266.27

Blend 5

266.08



It is interesting to observe that most of the blends showed decomposition temperatures ranging between 266 and 268°C, independent of the composition ratios. Blend 3 (50/50) is the most stable with a TD =268.35°C. Another important feature is the presence of only one decomposition decay showing a different product to the homopolymers.

Also, a study of the morphology of the blends was carried out by scanning electron microscopy, we can observe that while the chitosan exhibit a surface with multilayers (figure 6 ), the poly(hydroxybutyrate) are beds with high porosity inside (figure 7 ), and interwined chains.


Fig. 6. CHITOSAN


Fig. 7. Sem of PHB

Blend 1 (50/50) shows an irregular surface with rugosities and interwined chains with some fractures (figure 8 ) but completely different from either the chitosan or PHB.


Fig. 8. BLEND 1

CONCLUSIONS

  • It was possible to obtain blends from two biopolymers such as chitosan and poly(3-hydroxybutyrate) using TFA as a co-solvent.

  • It was impossible to get blends in a extruder due to the absence of melting point chitosan.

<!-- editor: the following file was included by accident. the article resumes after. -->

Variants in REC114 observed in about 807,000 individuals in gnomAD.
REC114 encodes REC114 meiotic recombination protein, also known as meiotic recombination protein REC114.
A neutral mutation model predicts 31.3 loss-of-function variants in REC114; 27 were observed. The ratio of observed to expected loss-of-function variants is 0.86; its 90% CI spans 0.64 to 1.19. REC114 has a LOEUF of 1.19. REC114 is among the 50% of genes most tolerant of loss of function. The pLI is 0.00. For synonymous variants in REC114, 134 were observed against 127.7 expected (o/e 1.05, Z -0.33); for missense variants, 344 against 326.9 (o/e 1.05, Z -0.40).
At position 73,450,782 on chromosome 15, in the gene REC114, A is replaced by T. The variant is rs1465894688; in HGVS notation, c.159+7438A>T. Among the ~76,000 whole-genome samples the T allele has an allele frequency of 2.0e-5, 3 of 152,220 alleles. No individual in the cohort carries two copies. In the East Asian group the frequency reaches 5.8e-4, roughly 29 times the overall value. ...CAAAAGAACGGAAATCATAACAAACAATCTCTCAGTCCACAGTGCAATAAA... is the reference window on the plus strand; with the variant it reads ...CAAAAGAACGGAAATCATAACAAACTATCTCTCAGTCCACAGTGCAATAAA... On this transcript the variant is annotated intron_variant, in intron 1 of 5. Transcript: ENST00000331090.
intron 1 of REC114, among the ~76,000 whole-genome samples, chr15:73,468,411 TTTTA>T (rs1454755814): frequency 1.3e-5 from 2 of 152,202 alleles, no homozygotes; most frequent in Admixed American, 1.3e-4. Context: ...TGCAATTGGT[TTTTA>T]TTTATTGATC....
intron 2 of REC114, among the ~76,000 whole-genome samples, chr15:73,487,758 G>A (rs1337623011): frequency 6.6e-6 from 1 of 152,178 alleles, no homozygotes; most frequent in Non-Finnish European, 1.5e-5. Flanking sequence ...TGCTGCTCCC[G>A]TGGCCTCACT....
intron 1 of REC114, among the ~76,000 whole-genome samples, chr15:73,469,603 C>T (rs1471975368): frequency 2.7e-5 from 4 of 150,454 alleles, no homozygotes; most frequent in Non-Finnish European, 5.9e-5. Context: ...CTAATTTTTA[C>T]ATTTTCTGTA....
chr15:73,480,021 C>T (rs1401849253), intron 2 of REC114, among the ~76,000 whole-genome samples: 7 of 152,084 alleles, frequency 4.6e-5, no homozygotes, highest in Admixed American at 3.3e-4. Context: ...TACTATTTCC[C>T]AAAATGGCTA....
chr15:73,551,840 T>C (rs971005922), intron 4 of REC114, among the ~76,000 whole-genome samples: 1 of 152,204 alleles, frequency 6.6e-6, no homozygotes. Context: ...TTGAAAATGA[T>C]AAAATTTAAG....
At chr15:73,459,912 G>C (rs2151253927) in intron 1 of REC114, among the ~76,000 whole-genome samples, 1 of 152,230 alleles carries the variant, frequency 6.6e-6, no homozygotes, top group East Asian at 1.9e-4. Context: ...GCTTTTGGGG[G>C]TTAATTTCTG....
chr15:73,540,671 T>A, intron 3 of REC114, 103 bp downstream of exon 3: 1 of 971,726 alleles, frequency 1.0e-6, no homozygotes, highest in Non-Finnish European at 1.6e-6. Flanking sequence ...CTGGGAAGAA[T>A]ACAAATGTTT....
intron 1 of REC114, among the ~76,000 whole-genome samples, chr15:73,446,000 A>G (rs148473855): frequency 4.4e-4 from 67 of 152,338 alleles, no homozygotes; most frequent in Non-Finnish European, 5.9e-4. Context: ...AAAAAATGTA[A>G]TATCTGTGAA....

• The blends were prepared in different proportions of both polymers exhibiting different physical and morphological properties of those homopolymers.

  • The blends show great solubility in organic solvents such as acetone and 2-propanol.

  • The decomposition temperatures of an blends are similar, independent of the composition, which was around 266ºC. However, PHB has a TD= 299ºC and chitosan is 326ºC. Only, blend 3 shows the higher TD= 268ºC.

  • It is interesting to observe that the C/H ratio is constant in the blends with content of chitosan. However, the C/H ratio decreases as long as the chitosan content decreases.

  • Since the blends are a mixture of two biopolymers, they can be used as a support or carried for slow release drugs, pesticides and application in biomedical and artificial skin.

ACKNOWLEDGEMENTS

The authors would like to thank Copersucar for PHB donation. We also thanks Grant CORFO FIT B1-050 for financial support.

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*to whom correspondence should be addressed